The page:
The graphic below outlines several ways in which digital ID can be used based on the roles played by organizations and individuals (Source: McKinsey).
The four (4) main areas of direct economic value for individuals have been identified as increased access to financial services, improved employment opportunities, greater agricultural productivity, and time savings. The five (5) highest sources of value for institutions – both the private and public sectors – are cost savings, fraud prevention, increased revenues from goods and services, improved employee productivity, and higher tax revenues.
Privacy and security: digital ID systems process billions of data points of our private information, regularly without our consent or knowledge. This information can include biographic details (NGN, date of birth, gender), biometrics (facial recognition, iris scans, fingerprints), banking and transactional data, and location-based info when digital ID is used for example in public transportation (the government has expressed plans to use the Trident ID for cashless payments on buses). The centralisation of so much data, excessive sharing of personal data without user consent, inability to control your personal data, exposure to cyber attacks and data breaches, and in worst case scenarios – mass surveillance by corporations and governments – are all issues which show the potential negative impact of digital ID.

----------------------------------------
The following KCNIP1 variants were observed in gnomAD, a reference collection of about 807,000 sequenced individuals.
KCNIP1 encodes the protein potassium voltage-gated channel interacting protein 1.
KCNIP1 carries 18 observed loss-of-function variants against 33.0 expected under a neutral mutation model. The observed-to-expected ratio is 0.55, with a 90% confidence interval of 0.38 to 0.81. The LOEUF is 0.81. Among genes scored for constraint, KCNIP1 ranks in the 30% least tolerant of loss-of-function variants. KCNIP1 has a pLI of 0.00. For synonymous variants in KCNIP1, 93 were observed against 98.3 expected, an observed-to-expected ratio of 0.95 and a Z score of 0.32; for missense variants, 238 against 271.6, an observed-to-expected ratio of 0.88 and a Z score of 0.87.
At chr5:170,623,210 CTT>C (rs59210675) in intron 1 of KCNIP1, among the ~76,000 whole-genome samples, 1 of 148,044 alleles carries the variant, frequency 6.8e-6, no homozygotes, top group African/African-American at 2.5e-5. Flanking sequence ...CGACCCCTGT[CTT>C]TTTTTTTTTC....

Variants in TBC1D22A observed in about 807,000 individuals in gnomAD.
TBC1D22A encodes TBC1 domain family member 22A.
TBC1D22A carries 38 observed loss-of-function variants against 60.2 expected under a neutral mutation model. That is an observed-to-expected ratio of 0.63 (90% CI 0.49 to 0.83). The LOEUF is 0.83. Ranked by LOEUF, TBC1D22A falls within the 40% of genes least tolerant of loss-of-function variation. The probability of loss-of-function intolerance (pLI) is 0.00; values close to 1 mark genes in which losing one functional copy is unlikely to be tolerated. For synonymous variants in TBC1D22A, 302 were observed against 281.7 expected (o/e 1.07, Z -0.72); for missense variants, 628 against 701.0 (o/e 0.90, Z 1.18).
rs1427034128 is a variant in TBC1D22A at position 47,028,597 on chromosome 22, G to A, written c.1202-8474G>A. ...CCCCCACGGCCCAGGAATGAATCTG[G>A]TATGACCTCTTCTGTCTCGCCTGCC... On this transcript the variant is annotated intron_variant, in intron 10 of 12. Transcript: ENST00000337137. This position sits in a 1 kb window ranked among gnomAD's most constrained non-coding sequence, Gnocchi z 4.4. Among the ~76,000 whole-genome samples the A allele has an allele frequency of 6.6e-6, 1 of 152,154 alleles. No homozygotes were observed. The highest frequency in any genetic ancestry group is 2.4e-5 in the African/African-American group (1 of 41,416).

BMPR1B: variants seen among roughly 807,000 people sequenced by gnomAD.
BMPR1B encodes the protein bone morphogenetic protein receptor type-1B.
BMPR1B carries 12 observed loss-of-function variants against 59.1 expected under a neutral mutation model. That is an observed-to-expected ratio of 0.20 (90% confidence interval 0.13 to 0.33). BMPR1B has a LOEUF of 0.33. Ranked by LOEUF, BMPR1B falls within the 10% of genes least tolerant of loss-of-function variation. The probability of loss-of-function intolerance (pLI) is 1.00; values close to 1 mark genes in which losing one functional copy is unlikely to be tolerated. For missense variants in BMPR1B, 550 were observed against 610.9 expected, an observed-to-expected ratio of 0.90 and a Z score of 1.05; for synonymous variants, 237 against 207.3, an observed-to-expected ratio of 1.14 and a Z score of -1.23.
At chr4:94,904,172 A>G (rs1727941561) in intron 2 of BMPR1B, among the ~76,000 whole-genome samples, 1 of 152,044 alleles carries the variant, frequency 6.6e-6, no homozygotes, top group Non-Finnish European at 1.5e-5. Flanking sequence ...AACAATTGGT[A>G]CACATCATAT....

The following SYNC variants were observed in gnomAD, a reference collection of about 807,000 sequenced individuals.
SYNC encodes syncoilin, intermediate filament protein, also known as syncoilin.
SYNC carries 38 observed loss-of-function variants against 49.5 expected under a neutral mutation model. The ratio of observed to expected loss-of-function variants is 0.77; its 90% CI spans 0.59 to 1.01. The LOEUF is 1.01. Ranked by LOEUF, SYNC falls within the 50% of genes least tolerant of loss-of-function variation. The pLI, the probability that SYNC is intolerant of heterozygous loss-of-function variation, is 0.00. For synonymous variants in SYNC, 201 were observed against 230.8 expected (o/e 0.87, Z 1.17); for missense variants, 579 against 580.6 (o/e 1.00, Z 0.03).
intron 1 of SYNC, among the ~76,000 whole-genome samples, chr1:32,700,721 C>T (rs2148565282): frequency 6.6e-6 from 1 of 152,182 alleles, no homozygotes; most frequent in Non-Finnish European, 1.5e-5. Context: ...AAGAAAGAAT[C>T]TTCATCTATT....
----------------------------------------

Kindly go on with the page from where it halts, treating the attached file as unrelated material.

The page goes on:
Discrimination, biases and exclusion: the Barbados Digital Identity Act has a number of clauses which generate concerns about discrimination and exclusion. The Act states in several places that the digital ID will be required for persons to be added to the register of voters, to vote in elections, to access public and private services, and to obtain a driver’s license. There are no provisions in the Act for mandatory accessibility features in the digital ID and related services. As such, persons with disabilities may be excluded (e.g., the Trident ID website currently DOES NOT have several accessibility features for the disabled). Digital ID technologies are also at the end of the day developed by humans, and through poorly designed algorithms and data analytics, can reinforce their biases. Discrimination against key communities such as immigrants, LGBTQ+, homeless, and the disabled, among others have been highlighted in many digital ID related studies globally.